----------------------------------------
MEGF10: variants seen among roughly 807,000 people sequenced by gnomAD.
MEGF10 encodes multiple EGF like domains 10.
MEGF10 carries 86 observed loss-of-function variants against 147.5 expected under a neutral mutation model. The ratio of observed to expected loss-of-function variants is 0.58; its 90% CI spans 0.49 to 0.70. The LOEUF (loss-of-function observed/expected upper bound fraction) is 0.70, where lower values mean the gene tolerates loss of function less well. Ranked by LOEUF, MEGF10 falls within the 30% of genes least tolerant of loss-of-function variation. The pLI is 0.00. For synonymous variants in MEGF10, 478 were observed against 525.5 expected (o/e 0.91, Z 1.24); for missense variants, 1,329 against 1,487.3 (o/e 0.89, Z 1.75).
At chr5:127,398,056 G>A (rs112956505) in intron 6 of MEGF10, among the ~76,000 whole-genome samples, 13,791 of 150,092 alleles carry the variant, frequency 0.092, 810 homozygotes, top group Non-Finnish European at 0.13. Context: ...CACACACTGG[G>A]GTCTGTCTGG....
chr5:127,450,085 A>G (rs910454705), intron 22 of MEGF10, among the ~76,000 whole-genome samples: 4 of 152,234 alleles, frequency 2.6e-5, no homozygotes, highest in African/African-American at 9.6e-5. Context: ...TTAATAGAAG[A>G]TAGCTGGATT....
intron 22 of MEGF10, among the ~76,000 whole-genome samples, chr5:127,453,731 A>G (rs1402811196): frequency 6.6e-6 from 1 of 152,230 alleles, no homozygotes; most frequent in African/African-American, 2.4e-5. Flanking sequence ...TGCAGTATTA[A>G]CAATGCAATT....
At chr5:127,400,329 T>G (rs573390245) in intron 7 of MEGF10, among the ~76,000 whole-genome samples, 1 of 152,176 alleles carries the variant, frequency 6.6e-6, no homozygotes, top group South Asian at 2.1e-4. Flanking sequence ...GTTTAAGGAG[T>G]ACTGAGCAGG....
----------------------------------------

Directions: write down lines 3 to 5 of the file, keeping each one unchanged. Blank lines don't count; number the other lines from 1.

MEGF10 carries 86 observed loss-of-function variants against 147.5 expected under a neutral mutation model. The ratio of observed to expected loss-of-function variants is 0.58; its 90% CI spans 0.49 to 0.70. The LOEUF (loss-of-function observed/expected upper bound fraction) is 0.70, where lower values mean the gene tolerates loss of function less well. Ranked by LOEUF, MEGF10 falls within the 30% of genes least tolerant of loss-of-function variation. The pLI is 0.00. For synonymous variants in MEGF10, 478 were observed against 525.5 expected (o/e 0.91, Z 1.24); for missense variants, 1,329 against 1,487.3 (o/e 0.89, Z 1.75).
At chr5:127,398,056 G>A (rs112956505) in intron 6 of MEGF10, among the ~76,000 whole-genome samples, 13,791 of 150,092 alleles carry the variant, frequency 0.092, 810 homozygotes, top group Non-Finnish European at 0.13. Context: ...CACACACTGG[G>A]GTCTGTCTGG....
chr5:127,450,085 A>G (rs910454705), intron 22 of MEGF10, among the ~76,000 whole-genome samples: 4 of 152,234 alleles, frequency 2.6e-5, no homozygotes, highest in African/African-American at 9.6e-5. Context: ...TTAATAGAAG[A>G]TAGCTGGATT....